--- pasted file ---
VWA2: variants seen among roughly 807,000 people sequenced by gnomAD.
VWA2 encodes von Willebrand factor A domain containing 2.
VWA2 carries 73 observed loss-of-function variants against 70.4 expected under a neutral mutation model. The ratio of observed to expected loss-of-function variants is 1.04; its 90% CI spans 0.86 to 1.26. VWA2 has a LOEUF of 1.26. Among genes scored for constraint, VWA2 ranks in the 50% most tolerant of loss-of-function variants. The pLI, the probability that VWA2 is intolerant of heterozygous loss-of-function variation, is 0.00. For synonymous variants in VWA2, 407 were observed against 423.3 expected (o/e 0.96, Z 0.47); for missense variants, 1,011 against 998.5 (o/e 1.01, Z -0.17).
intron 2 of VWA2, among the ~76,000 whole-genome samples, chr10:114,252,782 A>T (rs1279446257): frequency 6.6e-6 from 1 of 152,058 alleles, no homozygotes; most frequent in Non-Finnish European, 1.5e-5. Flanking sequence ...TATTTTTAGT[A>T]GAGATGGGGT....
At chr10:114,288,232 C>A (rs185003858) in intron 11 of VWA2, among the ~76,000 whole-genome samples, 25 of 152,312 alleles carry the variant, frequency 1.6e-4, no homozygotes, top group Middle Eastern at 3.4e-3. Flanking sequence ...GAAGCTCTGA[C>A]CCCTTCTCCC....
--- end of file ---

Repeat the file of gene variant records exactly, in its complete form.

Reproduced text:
VWA2: variants seen among roughly 807,000 people sequenced by gnomAD.
VWA2 encodes von Willebrand factor A domain containing 2.
VWA2 carries 73 observed loss-of-function variants against 70.4 expected under a neutral mutation model. The ratio of observed to expected loss-of-function variants is 1.04; its 90% CI spans 0.86 to 1.26. VWA2 has a LOEUF of 1.26. Among genes scored for constraint, VWA2 ranks in the 50% most tolerant of loss-of-function variants. The pLI, the probability that VWA2 is intolerant of heterozygous loss-of-function variation, is 0.00. For synonymous variants in VWA2, 407 were observed against 423.3 expected (o/e 0.96, Z 0.47); for missense variants, 1,011 against 998.5 (o/e 1.01, Z -0.17).
intron 2 of VWA2, among the ~76,000 whole-genome samples, chr10:114,252,782 A>T (rs1279446257): frequency 6.6e-6 from 1 of 152,058 alleles, no homozygotes; most frequent in Non-Finnish European, 1.5e-5. Flanking sequence ...TATTTTTAGT[A>T]GAGATGGGGT....
At chr10:114,288,232 C>A (rs185003858) in intron 11 of VWA2, among the ~76,000 whole-genome samples, 25 of 152,312 alleles carry the variant, frequency 1.6e-4, no homozygotes, top group Middle Eastern at 3.4e-3. Flanking sequence ...GAAGCTCTGA[C>A]CCCTTCTCCC....